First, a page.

Monday, August 31, 2009

Writing and the "Real World"

You know, we writers love to complain. We love to complain how our jobs get in the way of our writing, how life gets in the way of our writing, and how our writing gets in the way of our writing.

Yeah, that last one. You ever get an idea, and that idea starts you writing, and that writing brings forth ideas that require whole new stories and whole new plot lines and whole new ...

Not that I'm talking from experience, or anything like that. But let's just say that my flagship story ("My Sister Rosalie") has gone from a one-shot to a three volume novel with three side stories of the first volume ("Rose by a Lemon Tree," "Thirteen Ways of Looking at a Blackbird," and (unpublished) "The Hurt Chair"). And the funny thing is the following: "My Sister Rosalie" was just an aside of my "main" idea about Lilly and Lucas in high school ... that I haven't gotten around to starting.

Ugh, I'm living a cliché: I'm a writer of a three-volume novel, just like Miss Prism in "The Importance of Being Earnest." I even write earnestly, for goodness sake!

As the French say: le Sigh!

But that pesky real world: where would we be without it? Isn't it amazing how life imitates art? For example, I write a chapter about Bella and (not-)blueberries ("Just Say It"), and come to find my cara spoza can't stand them in her oatmeal. Go figure!

Or, I write about economy and the Great Depression ("With the Depression On") and that recalls to me what my own grandfather went through during those troubled times.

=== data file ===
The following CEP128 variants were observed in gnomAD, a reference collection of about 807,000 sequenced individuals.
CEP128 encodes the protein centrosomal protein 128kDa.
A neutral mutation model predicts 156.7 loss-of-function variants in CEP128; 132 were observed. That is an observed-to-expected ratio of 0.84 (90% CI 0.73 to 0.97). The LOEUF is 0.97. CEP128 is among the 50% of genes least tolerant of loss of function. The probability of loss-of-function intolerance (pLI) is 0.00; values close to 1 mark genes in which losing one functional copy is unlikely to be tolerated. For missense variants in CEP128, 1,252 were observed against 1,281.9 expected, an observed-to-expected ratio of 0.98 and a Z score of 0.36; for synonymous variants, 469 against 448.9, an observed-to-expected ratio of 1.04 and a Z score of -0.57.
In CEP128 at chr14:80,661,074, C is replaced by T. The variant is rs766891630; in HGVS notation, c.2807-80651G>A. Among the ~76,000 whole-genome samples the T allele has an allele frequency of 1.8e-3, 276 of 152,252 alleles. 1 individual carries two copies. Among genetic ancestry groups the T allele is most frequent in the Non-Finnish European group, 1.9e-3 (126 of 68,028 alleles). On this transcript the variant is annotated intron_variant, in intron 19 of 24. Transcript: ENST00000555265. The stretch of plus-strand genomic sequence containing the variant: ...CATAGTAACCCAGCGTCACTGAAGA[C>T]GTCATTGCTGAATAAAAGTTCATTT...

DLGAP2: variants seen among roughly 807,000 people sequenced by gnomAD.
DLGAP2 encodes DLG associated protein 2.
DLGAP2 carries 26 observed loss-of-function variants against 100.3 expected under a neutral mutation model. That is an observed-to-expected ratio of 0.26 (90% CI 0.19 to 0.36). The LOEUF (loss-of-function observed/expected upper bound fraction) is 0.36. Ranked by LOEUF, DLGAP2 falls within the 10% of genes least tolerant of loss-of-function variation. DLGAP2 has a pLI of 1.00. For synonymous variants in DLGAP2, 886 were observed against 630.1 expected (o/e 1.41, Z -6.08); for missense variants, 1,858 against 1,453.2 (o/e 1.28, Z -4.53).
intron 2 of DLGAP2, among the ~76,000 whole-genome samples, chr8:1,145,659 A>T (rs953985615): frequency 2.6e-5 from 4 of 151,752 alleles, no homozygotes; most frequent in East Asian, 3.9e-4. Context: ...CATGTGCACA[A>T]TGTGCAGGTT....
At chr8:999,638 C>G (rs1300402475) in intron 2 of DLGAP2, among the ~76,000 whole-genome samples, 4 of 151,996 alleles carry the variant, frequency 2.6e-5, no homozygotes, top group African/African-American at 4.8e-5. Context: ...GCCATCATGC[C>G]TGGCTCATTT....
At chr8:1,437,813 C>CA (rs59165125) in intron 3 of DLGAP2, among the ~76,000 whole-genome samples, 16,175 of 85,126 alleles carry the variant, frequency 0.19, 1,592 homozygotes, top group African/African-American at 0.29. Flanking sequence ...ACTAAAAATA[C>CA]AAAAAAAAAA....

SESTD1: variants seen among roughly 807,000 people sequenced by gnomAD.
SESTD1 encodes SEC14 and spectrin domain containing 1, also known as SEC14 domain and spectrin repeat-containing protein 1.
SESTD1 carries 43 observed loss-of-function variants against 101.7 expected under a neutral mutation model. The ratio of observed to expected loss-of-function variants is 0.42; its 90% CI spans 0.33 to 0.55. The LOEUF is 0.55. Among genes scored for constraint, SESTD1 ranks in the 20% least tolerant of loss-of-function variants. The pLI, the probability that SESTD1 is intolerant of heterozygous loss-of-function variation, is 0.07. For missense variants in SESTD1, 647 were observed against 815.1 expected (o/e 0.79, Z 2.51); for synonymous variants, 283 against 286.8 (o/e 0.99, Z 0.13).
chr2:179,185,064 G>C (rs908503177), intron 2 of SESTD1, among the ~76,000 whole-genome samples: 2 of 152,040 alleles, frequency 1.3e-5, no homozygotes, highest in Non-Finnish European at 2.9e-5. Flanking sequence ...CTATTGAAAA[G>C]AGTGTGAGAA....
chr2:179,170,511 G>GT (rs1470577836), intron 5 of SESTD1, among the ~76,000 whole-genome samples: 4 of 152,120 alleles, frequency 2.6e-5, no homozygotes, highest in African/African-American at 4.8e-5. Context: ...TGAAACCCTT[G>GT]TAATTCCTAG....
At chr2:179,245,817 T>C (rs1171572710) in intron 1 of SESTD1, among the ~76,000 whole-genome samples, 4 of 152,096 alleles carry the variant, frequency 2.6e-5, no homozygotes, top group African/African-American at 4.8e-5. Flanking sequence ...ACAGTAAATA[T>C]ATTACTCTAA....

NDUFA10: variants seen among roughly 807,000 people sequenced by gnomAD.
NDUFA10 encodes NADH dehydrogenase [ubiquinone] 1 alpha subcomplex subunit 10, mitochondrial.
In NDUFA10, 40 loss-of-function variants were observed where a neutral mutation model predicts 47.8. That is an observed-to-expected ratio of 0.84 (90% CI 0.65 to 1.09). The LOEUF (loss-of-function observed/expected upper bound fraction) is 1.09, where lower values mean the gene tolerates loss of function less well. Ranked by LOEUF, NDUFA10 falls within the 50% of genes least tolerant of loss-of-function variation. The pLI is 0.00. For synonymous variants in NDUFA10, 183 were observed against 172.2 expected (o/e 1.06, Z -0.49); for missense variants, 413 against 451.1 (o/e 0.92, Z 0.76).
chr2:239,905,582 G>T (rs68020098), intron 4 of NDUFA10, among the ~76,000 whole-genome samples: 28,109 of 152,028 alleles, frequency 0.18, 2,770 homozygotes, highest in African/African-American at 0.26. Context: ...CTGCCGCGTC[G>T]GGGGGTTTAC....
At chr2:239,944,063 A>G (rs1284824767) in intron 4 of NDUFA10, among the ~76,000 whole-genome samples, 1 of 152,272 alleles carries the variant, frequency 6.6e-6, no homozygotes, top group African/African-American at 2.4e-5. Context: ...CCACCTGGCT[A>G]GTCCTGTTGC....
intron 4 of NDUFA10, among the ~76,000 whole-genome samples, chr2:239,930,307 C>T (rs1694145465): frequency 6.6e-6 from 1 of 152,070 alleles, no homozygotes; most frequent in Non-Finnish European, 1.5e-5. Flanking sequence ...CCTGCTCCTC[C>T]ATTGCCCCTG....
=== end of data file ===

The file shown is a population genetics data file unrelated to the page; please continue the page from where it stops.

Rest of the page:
Or, my meditations on what a vampire is (want), and isn't (angelic will), in an unpublished fragment that will, thankfully, never see the light of day, lead me to ruminations about, of all things, DDR.

I mean, seriously! The "real world" shows up all over the place, even in introductory snide side comments from our much put-upon vampire about gratitude.

So, writers, the next time you complain about the real world getting in the way of your writing, don't. Benjamin Franklin reminds us that he who does not have enough is silent, and he who has enough, complains (or: "It is the working man who is the happy man. It is the idle man who is the miserable man." This is Big Ben's reminder to me to stop complaining about writing and just get to the actual work of writing). After all, you have been given a gift. Who writes? Nearly nobody in the world writes, ... but you do. And, sometimes, even, your writing saves somebody from despair, or maybe even inspires somebody else to write. Only you can sing your song.

Sing it.

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